Paul Dirac

Paul Dirac began his first yearlong sabbatical at the Institute in the fall of 1934, returning several times in the following decades. The youngest-ever theoretician to win the Nobel Prize in Physics, Dirac would often set off on Saturday mornings with an axe over his shoulder to help clear paths in the Institute Woods.

In the early evening of March 15, 1933, a group of London socialites gathered in a Westminster mansion to hear a special lecture on the latest developments in nuclear science. The talk was chaired by Winston Churchill. The speaker—Churchill’s...

"Einstein Attacks Quantum Theory” read the New York Times headline of May 4, 1935. The article continued:

Professor Albert Einstein will attack science’s important theory of quantum mechanics, a theory of which he was a sort...

In the two years I spent at the Institute, 1957–59, I had the opportunity of meeting two of the founders of the quantum theory—Niels Bohr and Paul Dirac. In the case of Bohr, perhaps “meeting” overstates the case. He was a Mem­ber in the spring...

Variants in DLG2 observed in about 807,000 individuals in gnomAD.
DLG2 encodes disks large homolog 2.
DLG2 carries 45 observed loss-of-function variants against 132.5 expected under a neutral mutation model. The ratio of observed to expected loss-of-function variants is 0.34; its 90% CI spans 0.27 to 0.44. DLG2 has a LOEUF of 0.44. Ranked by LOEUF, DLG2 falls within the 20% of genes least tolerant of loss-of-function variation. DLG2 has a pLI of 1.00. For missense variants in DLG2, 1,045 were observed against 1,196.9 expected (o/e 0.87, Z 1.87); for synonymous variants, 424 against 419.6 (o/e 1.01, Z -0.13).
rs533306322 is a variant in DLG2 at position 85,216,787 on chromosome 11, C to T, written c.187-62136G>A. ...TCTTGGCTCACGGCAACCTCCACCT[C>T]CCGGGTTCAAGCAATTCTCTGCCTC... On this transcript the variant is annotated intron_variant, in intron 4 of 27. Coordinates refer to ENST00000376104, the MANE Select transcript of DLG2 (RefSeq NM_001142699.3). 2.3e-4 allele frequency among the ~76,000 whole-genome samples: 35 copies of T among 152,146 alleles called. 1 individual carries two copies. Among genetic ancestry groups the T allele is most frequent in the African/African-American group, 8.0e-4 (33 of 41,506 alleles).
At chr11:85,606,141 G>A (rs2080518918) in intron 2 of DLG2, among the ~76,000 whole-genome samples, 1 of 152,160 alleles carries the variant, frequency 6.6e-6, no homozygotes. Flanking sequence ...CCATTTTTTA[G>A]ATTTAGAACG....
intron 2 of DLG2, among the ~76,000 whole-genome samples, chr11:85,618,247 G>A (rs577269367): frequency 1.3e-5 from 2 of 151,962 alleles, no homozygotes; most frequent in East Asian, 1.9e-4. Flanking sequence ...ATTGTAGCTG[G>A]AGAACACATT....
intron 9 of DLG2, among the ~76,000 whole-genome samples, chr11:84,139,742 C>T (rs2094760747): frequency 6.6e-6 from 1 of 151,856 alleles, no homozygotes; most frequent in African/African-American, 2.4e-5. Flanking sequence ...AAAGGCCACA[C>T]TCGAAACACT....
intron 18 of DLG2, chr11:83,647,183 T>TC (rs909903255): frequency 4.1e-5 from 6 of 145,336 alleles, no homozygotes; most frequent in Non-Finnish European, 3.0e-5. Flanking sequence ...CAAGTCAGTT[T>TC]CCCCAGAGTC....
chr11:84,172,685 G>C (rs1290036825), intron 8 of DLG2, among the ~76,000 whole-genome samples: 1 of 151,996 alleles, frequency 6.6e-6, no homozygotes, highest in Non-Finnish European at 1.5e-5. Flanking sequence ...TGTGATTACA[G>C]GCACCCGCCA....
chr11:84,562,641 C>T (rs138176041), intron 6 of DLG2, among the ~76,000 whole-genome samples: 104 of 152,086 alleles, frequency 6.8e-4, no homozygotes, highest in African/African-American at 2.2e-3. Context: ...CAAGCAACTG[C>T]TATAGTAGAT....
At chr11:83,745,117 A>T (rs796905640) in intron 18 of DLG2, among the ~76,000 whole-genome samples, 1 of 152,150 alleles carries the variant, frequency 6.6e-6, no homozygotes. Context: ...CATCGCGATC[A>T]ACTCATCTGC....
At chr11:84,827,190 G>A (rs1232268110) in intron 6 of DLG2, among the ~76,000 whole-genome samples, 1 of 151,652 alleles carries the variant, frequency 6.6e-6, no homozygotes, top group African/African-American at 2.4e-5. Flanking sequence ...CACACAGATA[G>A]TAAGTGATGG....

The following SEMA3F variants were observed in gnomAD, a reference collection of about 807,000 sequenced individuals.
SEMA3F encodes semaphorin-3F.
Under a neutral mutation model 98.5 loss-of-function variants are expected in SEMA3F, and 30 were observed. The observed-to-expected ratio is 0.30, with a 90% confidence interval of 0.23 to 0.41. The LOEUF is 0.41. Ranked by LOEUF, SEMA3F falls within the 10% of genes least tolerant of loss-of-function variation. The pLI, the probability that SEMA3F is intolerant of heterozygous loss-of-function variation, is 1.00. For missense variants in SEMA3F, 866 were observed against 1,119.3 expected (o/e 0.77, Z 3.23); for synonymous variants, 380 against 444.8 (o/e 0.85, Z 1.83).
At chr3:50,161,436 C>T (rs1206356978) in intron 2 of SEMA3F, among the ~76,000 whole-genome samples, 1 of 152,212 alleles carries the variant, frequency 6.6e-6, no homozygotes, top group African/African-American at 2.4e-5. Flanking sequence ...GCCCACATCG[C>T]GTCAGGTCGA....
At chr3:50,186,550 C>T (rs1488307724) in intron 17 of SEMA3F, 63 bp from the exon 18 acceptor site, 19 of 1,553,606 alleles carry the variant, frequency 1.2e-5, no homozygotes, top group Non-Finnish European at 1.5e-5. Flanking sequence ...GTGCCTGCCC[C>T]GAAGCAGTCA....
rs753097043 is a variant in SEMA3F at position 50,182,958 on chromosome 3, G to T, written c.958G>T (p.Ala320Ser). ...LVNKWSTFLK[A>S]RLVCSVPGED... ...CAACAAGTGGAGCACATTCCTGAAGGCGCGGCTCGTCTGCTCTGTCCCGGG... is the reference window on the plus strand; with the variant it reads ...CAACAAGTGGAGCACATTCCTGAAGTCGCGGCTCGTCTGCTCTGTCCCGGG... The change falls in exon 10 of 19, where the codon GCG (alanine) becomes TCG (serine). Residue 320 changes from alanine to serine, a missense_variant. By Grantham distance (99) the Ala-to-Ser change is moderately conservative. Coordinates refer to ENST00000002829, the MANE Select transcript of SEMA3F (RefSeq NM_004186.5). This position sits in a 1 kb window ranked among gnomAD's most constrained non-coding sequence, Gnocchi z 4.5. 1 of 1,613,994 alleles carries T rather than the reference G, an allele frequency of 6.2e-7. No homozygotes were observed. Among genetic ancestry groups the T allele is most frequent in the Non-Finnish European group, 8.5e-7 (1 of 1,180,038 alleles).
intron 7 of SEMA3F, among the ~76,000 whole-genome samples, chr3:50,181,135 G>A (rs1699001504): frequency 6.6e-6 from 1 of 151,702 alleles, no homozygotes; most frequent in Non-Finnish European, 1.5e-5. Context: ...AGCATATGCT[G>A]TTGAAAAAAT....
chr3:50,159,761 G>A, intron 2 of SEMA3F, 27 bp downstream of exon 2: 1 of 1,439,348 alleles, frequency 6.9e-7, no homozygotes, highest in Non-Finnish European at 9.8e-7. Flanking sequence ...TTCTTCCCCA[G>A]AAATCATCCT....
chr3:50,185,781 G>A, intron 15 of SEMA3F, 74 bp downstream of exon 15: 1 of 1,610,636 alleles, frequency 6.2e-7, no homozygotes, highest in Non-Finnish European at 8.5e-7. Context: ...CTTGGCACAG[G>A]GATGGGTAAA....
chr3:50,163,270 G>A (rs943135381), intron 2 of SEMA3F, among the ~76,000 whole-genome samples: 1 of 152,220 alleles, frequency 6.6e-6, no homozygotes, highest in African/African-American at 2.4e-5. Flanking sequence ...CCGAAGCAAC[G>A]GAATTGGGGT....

It has been said that the goals of modern mathematics are recon­struction and development.1 The unifying conjectures between number theory and representation theory that Robert Langlands, Professor Emeritus in the School of Mathematics...

When Hitler became Chancellor of Germany in January 1933, Albert Einstein had already left the country. He was in the United States and in contact with the founders of his new academic home, the Institute for Advanced Study, which would open in...

More than seventy-five years ago, Founding Director Abraham Flexner sought to create with the Institute for Advanced Study a haven where “scholars and scientists may regard the world and its phenomena as their laboratory, without being carried...